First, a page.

'Operation Testament' protects the Pope

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'Operation Testament' protects the Pope

A torpedo-shaped autonomous underwater vehicle was used to scan the base of Sydney Harbour at Barangaroo prior to the Pope’s arrival in July.

Dubbed ‘Operation Testament’, approximately nine kilometres of the sea floor was surveyed in six passes using a Remus 100 AUV.

The resulting images were examined by the Navy before divers were deployed to investigate any suspicious objects.

The operation was conducted by the Australian Navy in partnership with the Defence Science and Technology Organisation (DSTO).

Similar surveys were conducted prior to the Sydney Olympics, the Commonwealth Heads of Government Meeting (CHOGM) in Brisbane, and the Commonwealth Games in Melbourne, according to scientists at yesterday’s DSTO opening in Sydney.

“There is a factor of 10 to 13 in time savings in using AUVs to conduct a survey rather than a diver,” said Dr Bernard Kachoyan, head of maritime security - maritime operations division at DSTO.

Kachoyan and other DSTO scientists and researchers demonstrated a number of technologies that the DSTO is refining at its new Sydney facility. These included several three dimensional (3D) imaging systems.

Kachoyan said DSTO has purchased 3D models of Sydney Harbour, Botany Bay and Brisbane, from U.S.-based Harris Corporation.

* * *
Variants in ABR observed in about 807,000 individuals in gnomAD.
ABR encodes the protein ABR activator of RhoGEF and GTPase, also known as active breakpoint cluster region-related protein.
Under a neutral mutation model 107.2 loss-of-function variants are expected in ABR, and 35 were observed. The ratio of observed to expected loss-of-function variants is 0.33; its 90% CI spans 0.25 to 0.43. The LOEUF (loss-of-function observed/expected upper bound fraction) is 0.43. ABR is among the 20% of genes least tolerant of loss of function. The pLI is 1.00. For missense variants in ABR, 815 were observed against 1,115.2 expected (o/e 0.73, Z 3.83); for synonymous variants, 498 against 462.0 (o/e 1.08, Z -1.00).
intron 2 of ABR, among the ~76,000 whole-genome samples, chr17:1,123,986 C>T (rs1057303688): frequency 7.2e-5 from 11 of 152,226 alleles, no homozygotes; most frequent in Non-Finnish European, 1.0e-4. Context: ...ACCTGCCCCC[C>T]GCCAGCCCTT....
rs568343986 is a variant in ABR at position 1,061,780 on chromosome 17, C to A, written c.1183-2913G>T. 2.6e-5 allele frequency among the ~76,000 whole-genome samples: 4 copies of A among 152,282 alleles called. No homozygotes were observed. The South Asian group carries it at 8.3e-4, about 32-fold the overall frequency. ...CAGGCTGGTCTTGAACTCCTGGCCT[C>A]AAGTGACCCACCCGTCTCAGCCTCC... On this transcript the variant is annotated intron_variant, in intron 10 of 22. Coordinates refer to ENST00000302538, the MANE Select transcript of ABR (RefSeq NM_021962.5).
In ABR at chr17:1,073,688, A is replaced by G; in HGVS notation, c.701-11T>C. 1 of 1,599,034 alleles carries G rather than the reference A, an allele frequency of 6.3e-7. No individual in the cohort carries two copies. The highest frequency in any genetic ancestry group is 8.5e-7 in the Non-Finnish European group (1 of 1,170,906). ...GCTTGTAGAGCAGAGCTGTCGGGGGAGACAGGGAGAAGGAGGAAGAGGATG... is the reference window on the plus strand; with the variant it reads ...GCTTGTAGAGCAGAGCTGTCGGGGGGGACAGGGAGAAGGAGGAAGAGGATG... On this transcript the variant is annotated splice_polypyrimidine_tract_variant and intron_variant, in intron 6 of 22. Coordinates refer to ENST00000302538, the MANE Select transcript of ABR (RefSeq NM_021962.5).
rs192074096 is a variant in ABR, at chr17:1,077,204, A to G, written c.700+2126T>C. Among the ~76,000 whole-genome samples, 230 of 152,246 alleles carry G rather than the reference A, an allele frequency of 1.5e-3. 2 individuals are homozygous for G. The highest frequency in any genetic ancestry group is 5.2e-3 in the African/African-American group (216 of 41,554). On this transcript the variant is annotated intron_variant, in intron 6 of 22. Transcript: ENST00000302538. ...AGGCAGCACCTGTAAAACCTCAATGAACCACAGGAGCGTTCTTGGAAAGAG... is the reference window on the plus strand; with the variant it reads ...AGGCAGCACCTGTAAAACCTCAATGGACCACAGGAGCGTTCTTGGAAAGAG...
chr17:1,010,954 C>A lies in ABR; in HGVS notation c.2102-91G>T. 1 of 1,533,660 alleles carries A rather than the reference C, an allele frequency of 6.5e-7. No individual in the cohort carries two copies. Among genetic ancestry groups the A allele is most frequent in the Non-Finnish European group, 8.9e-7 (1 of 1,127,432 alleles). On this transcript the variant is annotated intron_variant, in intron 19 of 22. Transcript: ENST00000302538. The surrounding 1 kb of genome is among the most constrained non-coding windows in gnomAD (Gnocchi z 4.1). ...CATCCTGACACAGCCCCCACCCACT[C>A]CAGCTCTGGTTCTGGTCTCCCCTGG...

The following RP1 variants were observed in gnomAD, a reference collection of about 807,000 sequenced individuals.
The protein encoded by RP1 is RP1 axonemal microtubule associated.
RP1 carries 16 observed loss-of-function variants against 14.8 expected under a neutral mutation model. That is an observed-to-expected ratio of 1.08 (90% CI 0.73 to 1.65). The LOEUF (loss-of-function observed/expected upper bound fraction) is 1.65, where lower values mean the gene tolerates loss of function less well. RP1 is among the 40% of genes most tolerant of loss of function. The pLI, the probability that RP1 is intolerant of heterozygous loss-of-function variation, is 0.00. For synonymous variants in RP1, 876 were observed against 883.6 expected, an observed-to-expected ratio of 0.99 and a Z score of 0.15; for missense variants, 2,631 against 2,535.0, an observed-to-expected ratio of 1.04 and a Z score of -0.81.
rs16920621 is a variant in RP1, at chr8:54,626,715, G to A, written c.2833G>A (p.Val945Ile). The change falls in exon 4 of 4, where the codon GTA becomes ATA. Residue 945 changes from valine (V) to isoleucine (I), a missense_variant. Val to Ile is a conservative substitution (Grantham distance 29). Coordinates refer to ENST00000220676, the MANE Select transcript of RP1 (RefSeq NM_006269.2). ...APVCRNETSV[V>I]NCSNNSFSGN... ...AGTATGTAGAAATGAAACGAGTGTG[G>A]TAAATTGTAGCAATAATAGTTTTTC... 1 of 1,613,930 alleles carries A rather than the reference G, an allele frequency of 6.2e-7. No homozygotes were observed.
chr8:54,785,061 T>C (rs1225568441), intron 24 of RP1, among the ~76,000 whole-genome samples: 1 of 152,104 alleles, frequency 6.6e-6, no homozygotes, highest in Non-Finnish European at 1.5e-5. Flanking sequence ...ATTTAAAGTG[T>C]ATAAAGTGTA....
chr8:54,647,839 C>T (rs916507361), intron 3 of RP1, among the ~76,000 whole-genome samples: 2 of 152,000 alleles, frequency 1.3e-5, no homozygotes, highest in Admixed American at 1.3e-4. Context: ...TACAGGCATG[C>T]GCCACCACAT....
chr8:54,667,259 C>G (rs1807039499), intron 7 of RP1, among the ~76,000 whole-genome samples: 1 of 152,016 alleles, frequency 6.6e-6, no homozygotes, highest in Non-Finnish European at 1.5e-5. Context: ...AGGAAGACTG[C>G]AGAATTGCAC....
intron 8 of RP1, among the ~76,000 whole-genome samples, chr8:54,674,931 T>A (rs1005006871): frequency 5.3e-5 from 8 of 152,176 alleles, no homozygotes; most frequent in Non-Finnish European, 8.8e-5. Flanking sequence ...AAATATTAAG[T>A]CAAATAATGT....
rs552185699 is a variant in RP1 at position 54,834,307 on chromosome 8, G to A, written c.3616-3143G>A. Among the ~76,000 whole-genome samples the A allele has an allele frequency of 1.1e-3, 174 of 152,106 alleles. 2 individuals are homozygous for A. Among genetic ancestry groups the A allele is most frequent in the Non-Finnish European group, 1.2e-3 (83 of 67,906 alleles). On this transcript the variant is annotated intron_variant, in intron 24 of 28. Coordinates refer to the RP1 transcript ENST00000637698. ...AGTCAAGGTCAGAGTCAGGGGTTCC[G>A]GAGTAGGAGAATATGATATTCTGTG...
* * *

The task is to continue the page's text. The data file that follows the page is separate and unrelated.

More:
The Sydney Harbour model alone is made up of as many as 7,500 3D entities.

DSTO is currently working on ways to combine this geospatial data with satellite imagery to create complex 3D visualisations on-demand.

“[Currently] it’s not a very efficient process – it’s still manual,” said Kachoyan.

“We want to make it a much more efficient and automated process – so if Defence goes somewhere, we can provide a 3D model of [the place].”

DSTO is also working to ensure the system is ‘portable’ and able to be processed on what it called ‘high-end PCs’.

Kachoyan also highlighted the automated identification system (AIS) software, which tracks the name, speed and location of all ships over 300 tonnes.

The system enables Defence to create a ‘spaghetti trace’ and locate suspicious patterns of behaviour in shipping movements.

“We try to find patterns that are out of the ordinary – for example, mapping how many vessels cross over telecommunications tunnels,” said Kachoyan.

Kachoyan showed a basic demonstration in which AIS data was passed through an unspecified translator and surfaced onto a Google Map.

Kachoyan was able to zoom in on a particular vessel in 2D and hover over the outline to get information on it – however, he cautioned that independent confirmation of the data would be required.

In a separate demonstration in labs dedicated to littoral warfare, DSTO also demonstrated its joint semi-automated forces (JSAF) simulation tool.

JSAF currently is used for computer-assisted war-games. Teams are divided into different rooms and receive virtual simulations of what they could expect to have available to them in a real-world environment.
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